Suzuki wondered whether Grahame would be able to make it through the arduous weeklong Eiheiji December sesshin, but that was what Grahame could do best, because there is no substantial cultural bias in the sitting. He sat in full lotus every period without moving; it was for him a wonderful experience that balanced his overall disillusionment with the place and tempered his sense of failure. His letter about the sesshin had assured Pauline and Suzuki that at last Grahame had made his peace with Eiheiji.

 Grahame returned to San Francisco in mid-December. Suzuki appeared shocked to hear about his negative experiences there.† He told Grahame to continue practicing like a layman and not to wear his robes to the zendo except for sesshin. After all, he would be returning to his regular job as a chemist. Grahame knew that Suzuki was hesitant to let Zen Center move toward the excessive ritualism and formality that he'd experienced at Eiheiji. More than ever, he was appreciative of his teacher's simplicity and gentleness. Suzuki said he wanted Grahame and Jean to give lectures on Wednesday evenings about their experiences of studying Zen in Japan. "Not the negative experiences," he said, "just the good ones." He never liked complaining and didn't want to discourage his students.

Suzuki pretended not to know what Grahame was telling him to hide the fact that he'd been well informed by Pauline.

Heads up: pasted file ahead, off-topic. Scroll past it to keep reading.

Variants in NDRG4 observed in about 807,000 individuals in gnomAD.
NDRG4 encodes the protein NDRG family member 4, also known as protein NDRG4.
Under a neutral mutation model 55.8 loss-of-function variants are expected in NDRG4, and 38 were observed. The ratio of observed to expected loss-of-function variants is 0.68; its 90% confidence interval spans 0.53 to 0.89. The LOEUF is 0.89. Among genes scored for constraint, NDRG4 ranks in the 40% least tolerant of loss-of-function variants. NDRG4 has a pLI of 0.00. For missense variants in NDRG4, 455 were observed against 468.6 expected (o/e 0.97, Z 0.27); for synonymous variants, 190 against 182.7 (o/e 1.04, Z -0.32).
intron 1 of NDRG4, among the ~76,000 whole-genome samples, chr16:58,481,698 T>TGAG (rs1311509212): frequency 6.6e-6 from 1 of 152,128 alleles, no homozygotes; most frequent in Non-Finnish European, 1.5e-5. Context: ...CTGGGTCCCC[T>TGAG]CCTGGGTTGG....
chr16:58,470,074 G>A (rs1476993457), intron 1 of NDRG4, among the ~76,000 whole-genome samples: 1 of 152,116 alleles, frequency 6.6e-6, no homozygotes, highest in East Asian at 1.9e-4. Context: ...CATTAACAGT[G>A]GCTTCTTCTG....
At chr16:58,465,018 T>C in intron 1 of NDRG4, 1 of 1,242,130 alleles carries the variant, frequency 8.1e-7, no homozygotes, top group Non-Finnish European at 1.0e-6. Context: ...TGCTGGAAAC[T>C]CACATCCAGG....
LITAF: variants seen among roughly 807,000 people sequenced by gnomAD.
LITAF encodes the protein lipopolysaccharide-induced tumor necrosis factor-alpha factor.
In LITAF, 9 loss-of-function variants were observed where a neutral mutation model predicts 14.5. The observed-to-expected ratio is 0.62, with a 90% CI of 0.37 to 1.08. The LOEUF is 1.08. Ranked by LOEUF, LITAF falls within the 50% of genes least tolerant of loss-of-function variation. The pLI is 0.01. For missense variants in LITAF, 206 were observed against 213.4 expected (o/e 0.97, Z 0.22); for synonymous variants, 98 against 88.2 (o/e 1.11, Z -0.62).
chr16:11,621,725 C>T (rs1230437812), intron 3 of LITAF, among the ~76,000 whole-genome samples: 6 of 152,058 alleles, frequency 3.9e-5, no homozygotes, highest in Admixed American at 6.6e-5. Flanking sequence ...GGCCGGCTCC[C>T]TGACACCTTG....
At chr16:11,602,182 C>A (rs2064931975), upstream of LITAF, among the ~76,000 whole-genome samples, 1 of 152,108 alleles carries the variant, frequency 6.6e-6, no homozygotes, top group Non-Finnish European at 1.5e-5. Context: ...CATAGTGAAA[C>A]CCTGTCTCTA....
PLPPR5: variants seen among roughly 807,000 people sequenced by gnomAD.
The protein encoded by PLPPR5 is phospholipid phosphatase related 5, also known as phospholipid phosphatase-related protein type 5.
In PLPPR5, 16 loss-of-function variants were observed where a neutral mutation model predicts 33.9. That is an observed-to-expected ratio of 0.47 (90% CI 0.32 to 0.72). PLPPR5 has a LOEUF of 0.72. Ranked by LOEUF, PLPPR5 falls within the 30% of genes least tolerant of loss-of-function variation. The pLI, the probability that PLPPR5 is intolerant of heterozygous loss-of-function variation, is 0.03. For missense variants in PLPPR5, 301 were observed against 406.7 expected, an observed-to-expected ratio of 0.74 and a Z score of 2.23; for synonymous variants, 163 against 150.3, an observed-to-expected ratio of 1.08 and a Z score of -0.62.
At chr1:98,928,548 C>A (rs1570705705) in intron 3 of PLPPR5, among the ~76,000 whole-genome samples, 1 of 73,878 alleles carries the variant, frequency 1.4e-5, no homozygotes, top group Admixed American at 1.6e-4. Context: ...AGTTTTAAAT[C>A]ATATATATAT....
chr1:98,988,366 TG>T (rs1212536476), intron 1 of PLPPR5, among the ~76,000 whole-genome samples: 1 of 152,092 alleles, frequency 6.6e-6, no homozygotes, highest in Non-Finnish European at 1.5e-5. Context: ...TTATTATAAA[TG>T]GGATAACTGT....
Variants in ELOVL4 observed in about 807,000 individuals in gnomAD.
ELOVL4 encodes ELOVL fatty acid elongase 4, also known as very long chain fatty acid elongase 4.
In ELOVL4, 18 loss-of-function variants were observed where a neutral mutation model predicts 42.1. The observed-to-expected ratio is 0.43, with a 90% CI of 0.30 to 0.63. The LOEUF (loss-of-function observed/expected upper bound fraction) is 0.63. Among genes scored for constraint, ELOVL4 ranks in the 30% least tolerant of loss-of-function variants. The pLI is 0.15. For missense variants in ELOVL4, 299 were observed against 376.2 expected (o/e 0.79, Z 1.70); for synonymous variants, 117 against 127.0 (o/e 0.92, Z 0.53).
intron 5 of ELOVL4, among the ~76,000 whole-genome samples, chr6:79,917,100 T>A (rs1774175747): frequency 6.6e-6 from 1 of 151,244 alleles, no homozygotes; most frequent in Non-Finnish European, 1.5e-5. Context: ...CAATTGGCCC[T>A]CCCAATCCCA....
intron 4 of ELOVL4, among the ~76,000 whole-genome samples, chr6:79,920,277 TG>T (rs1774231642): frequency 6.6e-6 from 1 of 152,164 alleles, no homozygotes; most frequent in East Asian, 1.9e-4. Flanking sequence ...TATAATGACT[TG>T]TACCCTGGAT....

Suzuki was a little harder on Grahame now that he was a novice priest. One Saturday morning Grahame arrived late for the beginning of a day-and-a-half sesshin. After breakfast Suzuki took him to task in his office saying, "Priests don't arrive late! You're no priest! You have no right to wear that okesa!" Grahame was mortified and started to take off his okesa. "What are you doing?" said Suzuki. "No one has the right to tell you to take off the okesa."



There may be thousands of koans for us, and just to sit 
includes them all. This is the direct way to enlightenment, 
liberation, renunciation, nirvana, or whatever you say.


Suzuki had on his rimless glasses and had been reading and making notes for hours. (He kept them tied to him so he wouldn't lose them.)

 "Hojo-san," Okusan said, "why do you work so hard preparing for lecture? It's raining, and the last night it rained only two people came. I hope that ten come tonight."

 "One or ten, there's no difference!" he barked at her.

 "Very well, I won't worry about it anymore."